Ed Rust, Jr., State Farm’s Chief Executive Officer, must not have liked reading the headlines following a defamation verdict in favor of an Indianapolis restoration contractor that State Farm accused of fraud.

The Indianapolis Business Journal reported that:

A…jury has awarded a local contractor $14.5 million in his prolonged legal battle with State Farm Insurance following a 2006 hailstorm that caused severe damage in central Indiana.

Joseph Radcliff, owner of CPM Construction…received the verdict on Wednesday after he countersued the Bloomington, Ill.-based insurer in March 2009.

The countersuit responded to an October 2008 complaint from State Farm claiming Radcliff committed fraud to obtain funds from the insurer by inflicting intentional damage to roofs of its clients to simulate hail and wind damage.

State Farm said Radcliff committed fraud on at least 10 occasions by intentionally damaging property in Indianapolis, Carmel, Fishers and Noblesville.

According to a former CPM employee, Radcliff commonly told workers that “the only way to make any money is to create your own damage,” State Farm’s complaint said.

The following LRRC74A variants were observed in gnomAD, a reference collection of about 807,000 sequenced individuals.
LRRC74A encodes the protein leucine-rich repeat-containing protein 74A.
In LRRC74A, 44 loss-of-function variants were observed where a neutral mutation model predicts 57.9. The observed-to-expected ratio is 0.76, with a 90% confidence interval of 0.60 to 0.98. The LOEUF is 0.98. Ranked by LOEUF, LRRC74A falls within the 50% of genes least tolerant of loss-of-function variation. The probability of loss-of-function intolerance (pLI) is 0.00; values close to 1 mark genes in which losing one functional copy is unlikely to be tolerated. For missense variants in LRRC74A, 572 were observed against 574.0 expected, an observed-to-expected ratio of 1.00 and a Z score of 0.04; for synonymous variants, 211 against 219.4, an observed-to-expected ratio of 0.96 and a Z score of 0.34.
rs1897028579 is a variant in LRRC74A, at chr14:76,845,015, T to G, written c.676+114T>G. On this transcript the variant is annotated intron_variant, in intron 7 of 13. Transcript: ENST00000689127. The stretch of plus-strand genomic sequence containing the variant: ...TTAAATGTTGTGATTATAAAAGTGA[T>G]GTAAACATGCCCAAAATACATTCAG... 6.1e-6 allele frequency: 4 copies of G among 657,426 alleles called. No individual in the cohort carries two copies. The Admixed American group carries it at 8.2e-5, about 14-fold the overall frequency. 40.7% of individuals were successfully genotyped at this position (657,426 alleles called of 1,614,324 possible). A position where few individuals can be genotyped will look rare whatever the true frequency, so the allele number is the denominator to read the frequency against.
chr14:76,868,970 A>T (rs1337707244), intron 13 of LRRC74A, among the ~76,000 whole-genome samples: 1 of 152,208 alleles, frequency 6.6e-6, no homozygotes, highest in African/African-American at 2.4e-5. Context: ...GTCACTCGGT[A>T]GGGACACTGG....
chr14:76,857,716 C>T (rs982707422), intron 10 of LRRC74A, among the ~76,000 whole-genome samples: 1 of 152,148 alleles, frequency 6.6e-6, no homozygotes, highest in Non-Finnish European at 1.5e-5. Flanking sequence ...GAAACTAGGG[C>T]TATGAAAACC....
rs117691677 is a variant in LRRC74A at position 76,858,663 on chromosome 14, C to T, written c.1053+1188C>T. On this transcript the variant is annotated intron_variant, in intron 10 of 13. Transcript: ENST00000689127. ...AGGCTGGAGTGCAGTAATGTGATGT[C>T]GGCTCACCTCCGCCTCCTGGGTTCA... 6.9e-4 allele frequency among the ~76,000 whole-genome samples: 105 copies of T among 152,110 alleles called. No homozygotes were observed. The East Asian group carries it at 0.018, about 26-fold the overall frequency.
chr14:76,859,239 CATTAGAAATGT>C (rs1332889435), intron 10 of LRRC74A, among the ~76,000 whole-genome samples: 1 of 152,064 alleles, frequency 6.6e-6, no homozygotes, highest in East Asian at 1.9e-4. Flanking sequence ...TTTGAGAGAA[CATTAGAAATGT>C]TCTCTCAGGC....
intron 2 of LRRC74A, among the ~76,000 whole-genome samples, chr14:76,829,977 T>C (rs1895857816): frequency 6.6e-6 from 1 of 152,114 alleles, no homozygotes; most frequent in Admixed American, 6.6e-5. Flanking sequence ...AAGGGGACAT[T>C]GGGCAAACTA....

Through its investigation, State Farm provided information about Radcliff to the National Insurance Crime Bureau, which forwarded it to the Indianapolis Metropolitan Police Department. The Marion County Prosecutor’s Office brought 14 felony counts against him in September 2008, which were later dropped.

Radcliff countersued, charging that State Farm slandered and defamed him with its allegations. He further said the former employee who made the damaging comments to State Farm did so because he was terminated for non-performance.

This result was preceded by an Indiana news report that indicated:

Radcliffe’s employees, who made most of the claims, have since backed off their original statements, as well as a key witness who said he saw Radcliffe damage roofs, prosecutors said.

Radcliffe was accused of engaging in what is known as dime spinning, a practice in which dimes are used to damage shingles, in an effort to reap large settlements on houses insured by State Farm.

Officials said at the time that the fraudulent activities cost the company $1.75 million.
Radcliffe has always contended that he would beat the charges. He told Sanchez that he will break his silence soon in an effort to rebuild his reputation.

It appears that Radcliffe has been pretty successful in clearing his reputation.